abuse allegations by children "are rare, in the range of 2-8% of
reported cases. False retractions of true complaints are far more
common, especially when the victim is not sufficiently protected
after disclosure and therefore succumbs to intimidation by the
perpetrator or other family members who feel that they must
preserve secrecy."
        Other statistics shunned by the False Memory Syndrome
Foundation include a survey presented at a 1992 psychiatric
conference that found that a full 88% of all therapists in a
large sampling consider ritual child abuse to be a very real
social problem with devastating emotional effects. Another: In
1990 the State University of New York at Buffalo polled a
national sampling of clinical psychologists on ritual abuse.
About 800 psychologists--a third of the poll--were aware of
treating at least one case. Only 5% of all child abuse cases ever
enter the courtroom--half of these end with the child in the
custody of the abusive parent..
        The recovered memory debate was discussed at a 1993
conference on multiple personality disorder. Richard Lowenstein,
a psychiatrist from the University of Maryland Medical School,
argued that the Foundation is "media-directed, dedicated to
putting out disinformation."
        Other conference participants contemplated funding
sources and "possible CIA connections."

The Devil Denuded

        The CIA, in fact, has several designates on the FMSF
advisory board. They have in common backgrounds in mind control
experimentation. Their very presence on the board, and their
peculiar backgrounds, reveal some heavily obscured facts about
ritual child abuse.
        Martin T. Orne, a senior CIA researcher, is an original
board member of the Foundation, and a psychiatrist at the
University of Pennsylvania's Experimental Psychiatry Lab in
Philadelphia. In 1962 his forays into hypno-programming (the
elicitation of "anti-social" behavior, dissolving memory and
other mind-subduing techniques) were financed by a CIA front at
Cornell University. He was also funded by Boston's Scientific
Engineering Institute, another front, and a clearinghouse for the
Agency's investigation of the occult.
         The CIA and Pentagon have formed a partnership in the
creation of cults. To be sure, the Association of National
Security Alumni, a public interest veterans group opposed to
clandestine ops, considers it a "primary issue of concern" that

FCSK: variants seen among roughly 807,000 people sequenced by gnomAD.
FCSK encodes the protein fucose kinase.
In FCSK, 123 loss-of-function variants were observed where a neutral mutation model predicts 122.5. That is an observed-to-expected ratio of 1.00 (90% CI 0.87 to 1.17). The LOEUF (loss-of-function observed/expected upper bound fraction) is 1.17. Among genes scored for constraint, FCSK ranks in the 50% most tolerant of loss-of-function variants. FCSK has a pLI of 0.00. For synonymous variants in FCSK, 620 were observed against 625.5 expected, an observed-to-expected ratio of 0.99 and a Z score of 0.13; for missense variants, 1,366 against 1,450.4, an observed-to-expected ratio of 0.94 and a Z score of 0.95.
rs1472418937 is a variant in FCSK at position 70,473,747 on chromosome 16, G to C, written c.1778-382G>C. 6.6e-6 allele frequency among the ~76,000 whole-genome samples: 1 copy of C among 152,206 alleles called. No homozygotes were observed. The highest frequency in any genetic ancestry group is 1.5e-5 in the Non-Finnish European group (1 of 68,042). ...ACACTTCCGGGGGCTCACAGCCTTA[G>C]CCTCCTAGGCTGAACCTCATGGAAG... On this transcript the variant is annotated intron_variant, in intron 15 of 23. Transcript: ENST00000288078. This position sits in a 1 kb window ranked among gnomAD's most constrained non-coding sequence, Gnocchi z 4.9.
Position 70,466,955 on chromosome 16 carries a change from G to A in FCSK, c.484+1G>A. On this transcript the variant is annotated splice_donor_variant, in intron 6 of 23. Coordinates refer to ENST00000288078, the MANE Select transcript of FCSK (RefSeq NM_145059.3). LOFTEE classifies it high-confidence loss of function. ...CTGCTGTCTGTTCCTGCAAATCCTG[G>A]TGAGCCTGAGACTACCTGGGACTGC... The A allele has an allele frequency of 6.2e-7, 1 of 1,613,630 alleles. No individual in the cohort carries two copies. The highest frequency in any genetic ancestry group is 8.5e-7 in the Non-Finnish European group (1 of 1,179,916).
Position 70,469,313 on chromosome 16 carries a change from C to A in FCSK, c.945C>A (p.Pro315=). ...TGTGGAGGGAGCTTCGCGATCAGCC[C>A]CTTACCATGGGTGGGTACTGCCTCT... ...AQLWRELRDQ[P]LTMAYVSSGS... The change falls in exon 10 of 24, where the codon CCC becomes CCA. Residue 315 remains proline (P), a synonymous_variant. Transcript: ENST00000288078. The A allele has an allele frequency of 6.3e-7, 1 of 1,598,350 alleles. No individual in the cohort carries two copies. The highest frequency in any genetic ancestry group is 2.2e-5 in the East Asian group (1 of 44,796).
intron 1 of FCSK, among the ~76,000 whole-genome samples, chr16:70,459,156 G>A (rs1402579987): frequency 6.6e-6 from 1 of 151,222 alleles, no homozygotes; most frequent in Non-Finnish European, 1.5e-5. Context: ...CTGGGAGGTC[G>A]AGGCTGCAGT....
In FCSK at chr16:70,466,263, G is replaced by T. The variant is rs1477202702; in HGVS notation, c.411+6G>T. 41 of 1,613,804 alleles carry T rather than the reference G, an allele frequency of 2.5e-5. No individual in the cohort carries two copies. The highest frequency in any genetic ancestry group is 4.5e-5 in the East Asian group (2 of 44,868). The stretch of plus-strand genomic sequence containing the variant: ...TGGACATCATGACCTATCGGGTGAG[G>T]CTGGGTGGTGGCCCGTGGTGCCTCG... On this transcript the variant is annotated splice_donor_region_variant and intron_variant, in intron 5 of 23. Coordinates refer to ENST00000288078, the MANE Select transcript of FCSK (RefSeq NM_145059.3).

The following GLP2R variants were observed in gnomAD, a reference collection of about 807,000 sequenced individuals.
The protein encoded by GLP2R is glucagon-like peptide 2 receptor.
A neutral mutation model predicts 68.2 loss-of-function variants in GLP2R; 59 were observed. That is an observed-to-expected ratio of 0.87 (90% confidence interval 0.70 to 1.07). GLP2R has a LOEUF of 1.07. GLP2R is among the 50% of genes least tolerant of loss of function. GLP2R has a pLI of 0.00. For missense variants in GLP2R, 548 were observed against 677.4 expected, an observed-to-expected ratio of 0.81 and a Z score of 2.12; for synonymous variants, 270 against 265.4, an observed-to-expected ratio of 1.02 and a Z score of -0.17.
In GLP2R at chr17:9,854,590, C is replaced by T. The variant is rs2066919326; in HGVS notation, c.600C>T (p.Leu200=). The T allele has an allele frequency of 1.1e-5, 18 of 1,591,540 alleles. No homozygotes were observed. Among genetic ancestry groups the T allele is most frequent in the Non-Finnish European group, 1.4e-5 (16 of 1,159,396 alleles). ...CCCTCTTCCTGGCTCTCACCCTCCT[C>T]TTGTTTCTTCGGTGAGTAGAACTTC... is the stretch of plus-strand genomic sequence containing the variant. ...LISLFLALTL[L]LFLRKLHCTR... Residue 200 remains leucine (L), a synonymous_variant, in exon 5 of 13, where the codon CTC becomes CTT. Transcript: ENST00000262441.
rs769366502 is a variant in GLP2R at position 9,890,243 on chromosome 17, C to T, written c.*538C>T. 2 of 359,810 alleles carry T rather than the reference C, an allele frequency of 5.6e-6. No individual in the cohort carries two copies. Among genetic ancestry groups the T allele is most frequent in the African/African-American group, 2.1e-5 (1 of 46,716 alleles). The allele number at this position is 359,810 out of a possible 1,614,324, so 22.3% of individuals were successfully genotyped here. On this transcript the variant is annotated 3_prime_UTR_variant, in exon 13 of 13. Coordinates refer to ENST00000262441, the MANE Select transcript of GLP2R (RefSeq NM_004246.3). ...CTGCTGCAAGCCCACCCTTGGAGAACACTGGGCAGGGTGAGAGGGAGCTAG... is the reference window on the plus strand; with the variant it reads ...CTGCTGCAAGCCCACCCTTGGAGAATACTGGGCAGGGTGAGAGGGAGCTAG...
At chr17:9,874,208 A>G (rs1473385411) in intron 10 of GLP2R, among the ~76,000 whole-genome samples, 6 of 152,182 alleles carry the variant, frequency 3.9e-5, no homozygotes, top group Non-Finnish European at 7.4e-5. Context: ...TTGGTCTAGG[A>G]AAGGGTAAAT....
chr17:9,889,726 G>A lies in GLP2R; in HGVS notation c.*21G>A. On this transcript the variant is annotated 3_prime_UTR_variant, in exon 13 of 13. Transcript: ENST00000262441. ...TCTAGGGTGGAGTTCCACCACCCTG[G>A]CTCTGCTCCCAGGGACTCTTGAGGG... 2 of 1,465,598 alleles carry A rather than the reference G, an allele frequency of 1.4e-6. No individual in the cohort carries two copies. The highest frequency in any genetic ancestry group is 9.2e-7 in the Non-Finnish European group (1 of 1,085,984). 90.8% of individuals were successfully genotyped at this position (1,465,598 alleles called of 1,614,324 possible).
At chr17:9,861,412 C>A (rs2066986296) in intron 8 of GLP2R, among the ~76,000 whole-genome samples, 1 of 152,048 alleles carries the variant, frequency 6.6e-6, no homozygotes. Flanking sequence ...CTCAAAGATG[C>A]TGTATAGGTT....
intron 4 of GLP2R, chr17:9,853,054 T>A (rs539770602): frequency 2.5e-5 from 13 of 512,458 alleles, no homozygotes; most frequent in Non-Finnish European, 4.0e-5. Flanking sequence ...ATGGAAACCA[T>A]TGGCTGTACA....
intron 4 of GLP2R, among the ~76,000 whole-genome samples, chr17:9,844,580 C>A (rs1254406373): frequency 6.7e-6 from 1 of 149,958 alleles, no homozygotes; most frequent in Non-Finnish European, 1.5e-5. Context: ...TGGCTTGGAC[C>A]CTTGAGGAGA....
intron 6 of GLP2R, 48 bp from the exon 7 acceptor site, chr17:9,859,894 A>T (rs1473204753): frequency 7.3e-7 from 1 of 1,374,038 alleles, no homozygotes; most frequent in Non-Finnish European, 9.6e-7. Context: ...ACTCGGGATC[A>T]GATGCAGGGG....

the Department of Defense has a "perceived role in satanic cult
activities, which qualify in and of themselves as very damaging
exercises in mind control."
        The smoothing over of the national security state's cult
connections is handled by academic "experts."
        A forerunner of the Foundation is based in Buffalo, New
York, the Committee for Scientific Examination of Religion, best
known for the publication of Satanism in America: How the Devil
Got More Than His Due, widely considered to be a legitimate
study. The authors turn up their noses to ritual abuse,
dismissing the hundreds of reports around the country as mass
"hysteria." Cult researcher Carl Raschke reported in a March,
1991 article that he coincidentally met Hudson Frew, a Satanism
in America co-author, at a Berkeley bookstore. "Frew was wearing
a five-pointed star, or pentagram, the symbol of witchcraft and
earth magic," Raschke says. Shawn Carlson, a contributor to the
book, is identified by the media as a "physicist." Yet he runs
the Gaia Press in El Cerrito, California, a New Age publishing
house with an  emphasis on witchcraft and occultic lore. Carlson
is also a "scientific and technical consultant" to the Committee
for Scientific Investigation of Claims of the Paranormal" (a
promoter of the "false memory" theory of ritual abuse and UFO
abductions), publisher of the Skeptical Inquirer.

[Continued to part 2]
VERICOMM BBS filename: [mn116.zip] = [mn116.txt]

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Journal on the subjects of mind control, directed-energy
weapons, non-lethal weapons, ritual abuse, UFO abductions,
bioelectromagnetics, hypnosis, and other related topics
will be accepted with the author's statement of permission
to publish. The editor reserves the right to accept or
reject for publication. Send articles for submission to:

, or VERICOMM BBS 510.891.0303, or VERICOMM,
POB 32314, Oakland, CA 94604-2314 USA.

The MindNet Journal is published by VERICOMM / MindNet in
cooperation with the Freedom Of Thought Foundation, POB 35072,
Tucson, AZ 85740-5072 USA, and the International Committee
for the Convention Against Offensive Microwave Weapons,
POB 58700, Philadelphia, PA 19102-8700 USA.

Please visit the Freedom Of Thought Foundation home-page at: